COMMENT: Analyst's Corner

Make Data Actionable for Decisions
By David Baum

Keith Gile of Forrester Research talks about the functionality of business intelligence.

Oracle Magazine spoke with Keith Gile, a principal analyst covering business intelligence (BI) at Forrester Research, about new strategies for corporate decision-making.

Oracle Magazine: How do you define BI?

Gile: BI is the process of making data actionable for the purpose of making better, more timely business decisions. It includes technologies such as online analytical processing (OLAP), data mining, ad hoc query, and enterprise reporting, but these terms are germane only to the people who produce BI applications—a small community of users that represents perhaps 7 to 10 percent of all possible end users. Today's BI applications are reaching more types of business and casual users—data and information consumers. These decision-makers want to run reports and visualize data, but they don't care if they have an OLAP or a data mining tool. They simply want to do their jobs. Often BI technology ends up under the covers as part of a dashboard or some other type of application that's been created to facilitate the tasks of business users.

Oracle Magazine: How do you categorize different BI applications?

Gile: You can divide BI applications into strategic, tactical, and operational. Strategic BI is analysis after the fact: You capture transactions from applications and then model and aggregate that data for reporting. Tactical BI pushes decision-making closer to the cusp of when a process is going to happen. Operational BI allows decision-making to occur within a process and can even trigger a process. Operational BI applications analyze real-time or near-real-time data via an operational dashboard or by being embedded directly in an operational workflow.

Oracle Magazine: What are examples of each of these types of BI applications?

Gile: At a strategic level, a BI application might help the VP of marketing understand the implications of a promotion and how it will affect revenue over the next six months. In support of this promotion at a tactical level, a call center manager might use a BI dashboard to help call center reps stay abreast of day-to-day changes in the supply chain while trying to manage the performance of all call center reps. At an operational level, the individual call center reps might obtain information about customer orders and product availability to determine which offers to pitch to a customer from one moment to the next.

Oracle Magazine: What are the pros and cons of embedding data mining and other kinds of BI functionality within the database itself?

Gile: The advantages of embedding OLAP and data mining within the database revolve around the administration and optimization of those data mechanisms. You no longer need to store data in a separate proprietary analytic engine; you can store detail-level data in a relational environment, with a direct link from the multidimensional cubes to the relational tables. You don't have to move as much data or maintain redundant data stores, and you can optimize one database rather than coordinating multiple databases, so fewer people are needed to perform database administration and data modeling. On the flip side, embedded BI tools may lack the advanced functionality that you find in a pure OLAP or data mining engine. For example, when data mining is embedded within a relational database, you might have only a limited set of algorithms available or a limited capacity for descriptive and predictive types of analysis.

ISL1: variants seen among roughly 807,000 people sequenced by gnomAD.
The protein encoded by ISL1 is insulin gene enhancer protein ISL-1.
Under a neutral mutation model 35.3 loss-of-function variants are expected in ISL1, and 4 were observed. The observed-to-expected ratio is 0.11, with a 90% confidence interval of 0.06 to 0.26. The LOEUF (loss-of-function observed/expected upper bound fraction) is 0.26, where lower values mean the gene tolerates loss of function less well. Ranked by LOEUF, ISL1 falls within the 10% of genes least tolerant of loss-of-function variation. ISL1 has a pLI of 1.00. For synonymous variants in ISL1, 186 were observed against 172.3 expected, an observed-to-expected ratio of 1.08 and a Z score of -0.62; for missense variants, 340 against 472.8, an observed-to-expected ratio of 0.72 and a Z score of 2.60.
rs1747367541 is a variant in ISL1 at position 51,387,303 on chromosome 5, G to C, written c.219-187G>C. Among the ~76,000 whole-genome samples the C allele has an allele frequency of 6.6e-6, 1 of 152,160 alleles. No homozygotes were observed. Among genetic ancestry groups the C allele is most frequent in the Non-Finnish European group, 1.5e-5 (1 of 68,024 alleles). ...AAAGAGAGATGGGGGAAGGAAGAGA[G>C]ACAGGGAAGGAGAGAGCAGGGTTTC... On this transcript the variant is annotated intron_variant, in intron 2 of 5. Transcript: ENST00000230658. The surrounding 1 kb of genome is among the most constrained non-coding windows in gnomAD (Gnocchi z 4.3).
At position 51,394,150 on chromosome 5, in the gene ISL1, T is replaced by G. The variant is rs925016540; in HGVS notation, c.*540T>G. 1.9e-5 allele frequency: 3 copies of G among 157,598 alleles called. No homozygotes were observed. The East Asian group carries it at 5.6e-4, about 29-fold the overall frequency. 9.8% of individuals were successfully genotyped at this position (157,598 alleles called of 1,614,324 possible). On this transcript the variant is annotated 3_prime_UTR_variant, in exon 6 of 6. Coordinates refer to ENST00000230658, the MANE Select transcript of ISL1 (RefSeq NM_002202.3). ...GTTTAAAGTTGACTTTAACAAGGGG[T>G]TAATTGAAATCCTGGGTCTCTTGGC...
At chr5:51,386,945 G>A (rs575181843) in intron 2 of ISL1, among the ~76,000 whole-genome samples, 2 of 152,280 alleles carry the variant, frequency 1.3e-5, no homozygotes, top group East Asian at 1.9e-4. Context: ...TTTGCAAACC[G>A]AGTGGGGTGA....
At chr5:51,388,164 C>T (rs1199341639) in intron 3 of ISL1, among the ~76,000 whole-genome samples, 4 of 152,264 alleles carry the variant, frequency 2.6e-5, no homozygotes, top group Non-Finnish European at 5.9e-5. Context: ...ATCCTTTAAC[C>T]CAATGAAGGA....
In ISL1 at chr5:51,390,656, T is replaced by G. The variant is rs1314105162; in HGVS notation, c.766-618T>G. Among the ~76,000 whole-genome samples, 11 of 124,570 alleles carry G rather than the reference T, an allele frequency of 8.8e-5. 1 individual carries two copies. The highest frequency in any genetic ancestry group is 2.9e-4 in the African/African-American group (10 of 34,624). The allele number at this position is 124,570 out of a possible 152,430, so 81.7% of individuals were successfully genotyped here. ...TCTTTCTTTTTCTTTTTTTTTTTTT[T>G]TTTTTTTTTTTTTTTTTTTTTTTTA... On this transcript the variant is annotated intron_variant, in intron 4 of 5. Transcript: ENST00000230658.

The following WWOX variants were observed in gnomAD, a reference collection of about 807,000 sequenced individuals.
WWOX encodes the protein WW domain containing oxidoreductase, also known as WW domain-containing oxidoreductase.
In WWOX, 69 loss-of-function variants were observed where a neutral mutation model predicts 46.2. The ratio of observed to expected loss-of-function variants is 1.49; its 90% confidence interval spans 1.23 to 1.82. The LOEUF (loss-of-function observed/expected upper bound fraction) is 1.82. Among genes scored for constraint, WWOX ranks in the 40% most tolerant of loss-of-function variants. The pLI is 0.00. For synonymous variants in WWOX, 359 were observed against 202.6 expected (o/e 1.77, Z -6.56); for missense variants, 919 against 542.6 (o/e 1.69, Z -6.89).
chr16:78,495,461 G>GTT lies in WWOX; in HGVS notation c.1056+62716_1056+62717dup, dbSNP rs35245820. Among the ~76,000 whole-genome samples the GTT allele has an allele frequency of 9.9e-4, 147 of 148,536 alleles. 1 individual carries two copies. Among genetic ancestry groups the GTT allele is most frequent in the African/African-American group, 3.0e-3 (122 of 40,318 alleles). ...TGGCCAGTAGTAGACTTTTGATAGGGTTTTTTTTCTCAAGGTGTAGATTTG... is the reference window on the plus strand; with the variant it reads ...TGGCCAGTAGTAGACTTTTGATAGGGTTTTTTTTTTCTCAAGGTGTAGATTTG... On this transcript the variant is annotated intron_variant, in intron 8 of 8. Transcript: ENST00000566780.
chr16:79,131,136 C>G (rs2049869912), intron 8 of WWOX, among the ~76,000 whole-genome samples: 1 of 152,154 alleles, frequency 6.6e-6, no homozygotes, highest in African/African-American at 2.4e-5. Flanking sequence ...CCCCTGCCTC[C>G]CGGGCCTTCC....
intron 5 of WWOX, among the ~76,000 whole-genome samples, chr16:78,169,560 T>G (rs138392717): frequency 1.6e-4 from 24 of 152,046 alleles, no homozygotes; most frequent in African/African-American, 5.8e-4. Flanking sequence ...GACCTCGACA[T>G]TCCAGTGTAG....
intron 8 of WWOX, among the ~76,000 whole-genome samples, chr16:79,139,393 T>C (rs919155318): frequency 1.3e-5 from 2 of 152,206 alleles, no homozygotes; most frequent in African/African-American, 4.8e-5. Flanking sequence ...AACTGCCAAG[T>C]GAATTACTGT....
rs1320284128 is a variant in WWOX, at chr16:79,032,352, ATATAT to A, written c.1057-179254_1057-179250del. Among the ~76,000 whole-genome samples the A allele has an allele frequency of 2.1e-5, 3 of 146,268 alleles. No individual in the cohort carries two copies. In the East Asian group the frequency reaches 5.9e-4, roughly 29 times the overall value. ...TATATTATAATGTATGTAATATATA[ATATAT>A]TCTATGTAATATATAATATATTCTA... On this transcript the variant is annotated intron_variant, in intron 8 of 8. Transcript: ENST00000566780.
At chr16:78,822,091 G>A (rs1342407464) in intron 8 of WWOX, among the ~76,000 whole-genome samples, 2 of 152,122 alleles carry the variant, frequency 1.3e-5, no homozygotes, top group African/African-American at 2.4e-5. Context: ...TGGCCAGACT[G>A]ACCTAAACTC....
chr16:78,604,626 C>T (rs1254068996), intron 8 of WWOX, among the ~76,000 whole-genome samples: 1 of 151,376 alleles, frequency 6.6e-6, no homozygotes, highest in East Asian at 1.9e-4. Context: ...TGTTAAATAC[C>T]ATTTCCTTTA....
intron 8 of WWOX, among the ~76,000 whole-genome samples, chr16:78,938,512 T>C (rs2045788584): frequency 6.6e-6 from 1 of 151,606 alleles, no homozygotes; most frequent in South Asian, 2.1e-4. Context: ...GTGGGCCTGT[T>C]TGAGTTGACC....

Oracle Magazine: Customers want to analyze both structured and unstructured data. How are vendors responding?

Gile: Data can be analyzed only when structure is applied to it. That's why we're starting to see mechanisms that let you declare structure around content. For example, segmentation tools can look through documents to discern keywords and other important features, create a structured taxonomy, and then join this information to structured data in a database so it can be retrieved and analyzed with a standard query tool. Most pure-play BI vendors lack content management capabilities, and most content management vendors have no BI capabilities. We need more-flexible analytic mechanisms, and we need data repositories that can extend the reach of data in many different ways so that all data has similar value to end users.

Oracle Magazine: Are we seeing a consolidation in the number of BI tools that companies want to use?

Gile: Our clients are saying, "We have too many tools and not enough solutions." In response, vendors are developing BI platforms that include both analytic and enterprise reporting, OLAP, data mining, portal integration, and visualization capabilities. Most companies don't want another reporting tool. They want an enterprise solution that transcends functional areas and integrates these tools with facilities for application development, database integration, and deployment through portals and dashboards—ideally using service-oriented architecture.


David Baum ( david@dbaumcomm.com ) is a freelance business writer based in Santa Barbara, California.

Forrester Research ( www.forrester.com ) is an independent technology and market research company that provides advice about technology's impact on business and consumers.



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